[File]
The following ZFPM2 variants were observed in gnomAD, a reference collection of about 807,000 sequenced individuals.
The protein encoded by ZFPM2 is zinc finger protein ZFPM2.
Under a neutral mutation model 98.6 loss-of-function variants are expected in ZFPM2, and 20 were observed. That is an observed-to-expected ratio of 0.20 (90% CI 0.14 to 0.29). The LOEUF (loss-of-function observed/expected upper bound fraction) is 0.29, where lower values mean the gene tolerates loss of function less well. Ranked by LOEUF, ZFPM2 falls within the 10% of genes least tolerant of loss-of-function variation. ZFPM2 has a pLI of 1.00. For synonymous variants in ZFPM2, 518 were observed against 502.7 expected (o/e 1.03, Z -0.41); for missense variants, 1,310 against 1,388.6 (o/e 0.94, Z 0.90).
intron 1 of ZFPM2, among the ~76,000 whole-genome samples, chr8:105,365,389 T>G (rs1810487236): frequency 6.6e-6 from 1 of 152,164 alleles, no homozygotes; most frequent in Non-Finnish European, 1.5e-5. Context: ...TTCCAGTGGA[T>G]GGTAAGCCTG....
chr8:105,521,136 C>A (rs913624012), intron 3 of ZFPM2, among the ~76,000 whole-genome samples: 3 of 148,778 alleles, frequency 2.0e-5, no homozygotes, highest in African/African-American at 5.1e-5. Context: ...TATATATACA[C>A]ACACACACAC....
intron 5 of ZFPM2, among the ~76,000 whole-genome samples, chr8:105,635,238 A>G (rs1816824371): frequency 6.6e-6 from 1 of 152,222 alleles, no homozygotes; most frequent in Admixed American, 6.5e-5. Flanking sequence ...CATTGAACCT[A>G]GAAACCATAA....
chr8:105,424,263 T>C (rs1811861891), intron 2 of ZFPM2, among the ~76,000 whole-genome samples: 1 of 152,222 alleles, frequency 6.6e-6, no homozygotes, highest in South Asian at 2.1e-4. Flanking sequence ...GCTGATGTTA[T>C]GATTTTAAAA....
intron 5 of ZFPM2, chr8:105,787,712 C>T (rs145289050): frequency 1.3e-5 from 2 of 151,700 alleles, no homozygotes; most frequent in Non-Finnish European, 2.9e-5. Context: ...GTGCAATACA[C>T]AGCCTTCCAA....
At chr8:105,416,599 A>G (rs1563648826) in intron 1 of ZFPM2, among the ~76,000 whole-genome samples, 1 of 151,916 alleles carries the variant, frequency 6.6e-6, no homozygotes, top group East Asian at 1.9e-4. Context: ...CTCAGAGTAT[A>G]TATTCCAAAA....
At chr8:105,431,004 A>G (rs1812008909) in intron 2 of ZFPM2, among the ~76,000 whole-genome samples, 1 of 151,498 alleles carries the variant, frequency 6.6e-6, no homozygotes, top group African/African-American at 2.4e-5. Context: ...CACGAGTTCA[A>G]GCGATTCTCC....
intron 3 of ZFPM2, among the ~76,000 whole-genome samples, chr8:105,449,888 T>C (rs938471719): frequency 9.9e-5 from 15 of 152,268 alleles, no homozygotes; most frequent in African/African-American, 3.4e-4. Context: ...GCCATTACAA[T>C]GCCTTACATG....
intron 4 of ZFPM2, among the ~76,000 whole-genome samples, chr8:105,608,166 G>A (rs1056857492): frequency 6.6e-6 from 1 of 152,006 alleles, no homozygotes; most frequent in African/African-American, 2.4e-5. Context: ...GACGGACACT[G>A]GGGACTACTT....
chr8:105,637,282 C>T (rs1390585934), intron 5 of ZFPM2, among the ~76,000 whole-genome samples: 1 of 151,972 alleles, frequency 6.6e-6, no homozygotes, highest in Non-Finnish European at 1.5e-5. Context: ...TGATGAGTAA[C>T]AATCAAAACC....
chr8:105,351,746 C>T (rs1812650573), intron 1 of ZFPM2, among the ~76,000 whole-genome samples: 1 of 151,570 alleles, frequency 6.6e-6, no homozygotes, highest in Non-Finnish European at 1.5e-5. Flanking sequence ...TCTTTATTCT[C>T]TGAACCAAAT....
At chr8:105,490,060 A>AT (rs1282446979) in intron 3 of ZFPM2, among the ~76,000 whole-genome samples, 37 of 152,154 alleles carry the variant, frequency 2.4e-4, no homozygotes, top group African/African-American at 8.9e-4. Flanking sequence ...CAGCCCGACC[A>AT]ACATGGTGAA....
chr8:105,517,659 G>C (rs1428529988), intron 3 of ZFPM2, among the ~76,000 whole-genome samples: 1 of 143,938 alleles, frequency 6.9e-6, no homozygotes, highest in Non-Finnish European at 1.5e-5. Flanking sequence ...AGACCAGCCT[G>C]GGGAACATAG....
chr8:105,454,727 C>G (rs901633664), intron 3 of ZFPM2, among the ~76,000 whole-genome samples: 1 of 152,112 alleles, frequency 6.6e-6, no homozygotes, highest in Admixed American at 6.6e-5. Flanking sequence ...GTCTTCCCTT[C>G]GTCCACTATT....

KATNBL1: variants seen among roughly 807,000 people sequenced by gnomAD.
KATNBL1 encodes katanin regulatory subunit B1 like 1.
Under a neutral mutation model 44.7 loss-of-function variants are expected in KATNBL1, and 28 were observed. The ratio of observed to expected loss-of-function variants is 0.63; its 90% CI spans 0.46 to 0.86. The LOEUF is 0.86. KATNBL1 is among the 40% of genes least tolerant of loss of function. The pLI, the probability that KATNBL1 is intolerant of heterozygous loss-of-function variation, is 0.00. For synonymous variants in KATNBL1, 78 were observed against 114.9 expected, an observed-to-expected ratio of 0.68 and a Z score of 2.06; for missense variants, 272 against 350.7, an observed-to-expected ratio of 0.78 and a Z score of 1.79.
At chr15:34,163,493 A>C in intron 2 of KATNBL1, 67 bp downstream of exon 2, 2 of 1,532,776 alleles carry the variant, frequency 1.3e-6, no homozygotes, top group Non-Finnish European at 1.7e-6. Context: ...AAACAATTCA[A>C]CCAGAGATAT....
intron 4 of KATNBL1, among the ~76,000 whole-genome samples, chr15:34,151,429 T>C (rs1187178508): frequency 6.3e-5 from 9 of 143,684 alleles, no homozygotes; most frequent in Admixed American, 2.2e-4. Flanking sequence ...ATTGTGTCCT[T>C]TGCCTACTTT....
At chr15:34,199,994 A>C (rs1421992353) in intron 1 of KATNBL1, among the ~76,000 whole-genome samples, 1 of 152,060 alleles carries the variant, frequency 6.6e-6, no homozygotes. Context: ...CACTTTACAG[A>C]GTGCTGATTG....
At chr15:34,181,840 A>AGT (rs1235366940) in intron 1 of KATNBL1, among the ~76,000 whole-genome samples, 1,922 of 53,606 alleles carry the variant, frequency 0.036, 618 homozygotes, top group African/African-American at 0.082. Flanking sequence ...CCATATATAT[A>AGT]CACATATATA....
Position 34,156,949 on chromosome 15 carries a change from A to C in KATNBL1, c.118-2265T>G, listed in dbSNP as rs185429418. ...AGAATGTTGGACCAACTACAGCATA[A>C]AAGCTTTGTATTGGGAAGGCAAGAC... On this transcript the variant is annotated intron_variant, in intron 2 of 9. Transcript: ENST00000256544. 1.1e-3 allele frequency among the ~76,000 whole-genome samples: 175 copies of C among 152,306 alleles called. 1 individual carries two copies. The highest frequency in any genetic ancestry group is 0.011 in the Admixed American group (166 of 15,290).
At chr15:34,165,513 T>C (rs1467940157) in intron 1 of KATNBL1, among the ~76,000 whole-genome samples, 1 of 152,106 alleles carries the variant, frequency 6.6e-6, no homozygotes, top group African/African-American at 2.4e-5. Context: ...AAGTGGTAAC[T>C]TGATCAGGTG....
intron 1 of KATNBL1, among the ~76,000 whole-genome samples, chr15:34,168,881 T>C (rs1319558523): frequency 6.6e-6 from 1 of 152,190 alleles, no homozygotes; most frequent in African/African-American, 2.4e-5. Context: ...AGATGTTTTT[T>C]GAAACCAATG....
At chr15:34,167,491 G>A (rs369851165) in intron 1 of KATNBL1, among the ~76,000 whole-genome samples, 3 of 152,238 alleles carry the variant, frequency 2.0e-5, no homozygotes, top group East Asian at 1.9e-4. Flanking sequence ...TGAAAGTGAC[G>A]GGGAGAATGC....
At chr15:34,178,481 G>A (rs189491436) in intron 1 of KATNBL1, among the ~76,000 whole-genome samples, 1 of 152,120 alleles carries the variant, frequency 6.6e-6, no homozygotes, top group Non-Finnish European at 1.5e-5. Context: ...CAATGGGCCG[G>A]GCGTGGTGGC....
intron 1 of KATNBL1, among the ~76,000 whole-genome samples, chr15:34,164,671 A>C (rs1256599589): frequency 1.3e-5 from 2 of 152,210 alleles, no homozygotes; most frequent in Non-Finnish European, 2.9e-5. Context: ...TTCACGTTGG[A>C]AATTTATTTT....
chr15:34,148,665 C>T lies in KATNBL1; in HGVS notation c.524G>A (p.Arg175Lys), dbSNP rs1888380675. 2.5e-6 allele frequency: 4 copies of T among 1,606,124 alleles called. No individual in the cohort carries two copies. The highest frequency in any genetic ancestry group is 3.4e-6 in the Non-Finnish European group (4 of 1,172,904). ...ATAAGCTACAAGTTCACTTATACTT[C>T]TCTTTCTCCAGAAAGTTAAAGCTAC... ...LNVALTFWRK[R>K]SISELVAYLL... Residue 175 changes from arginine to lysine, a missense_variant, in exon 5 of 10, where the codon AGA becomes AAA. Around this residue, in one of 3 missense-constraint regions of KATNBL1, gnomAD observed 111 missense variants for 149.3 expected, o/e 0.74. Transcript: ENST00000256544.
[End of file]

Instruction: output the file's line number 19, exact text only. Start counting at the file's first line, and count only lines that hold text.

KATNBL1 encodes katanin regulatory subunit B1 like 1.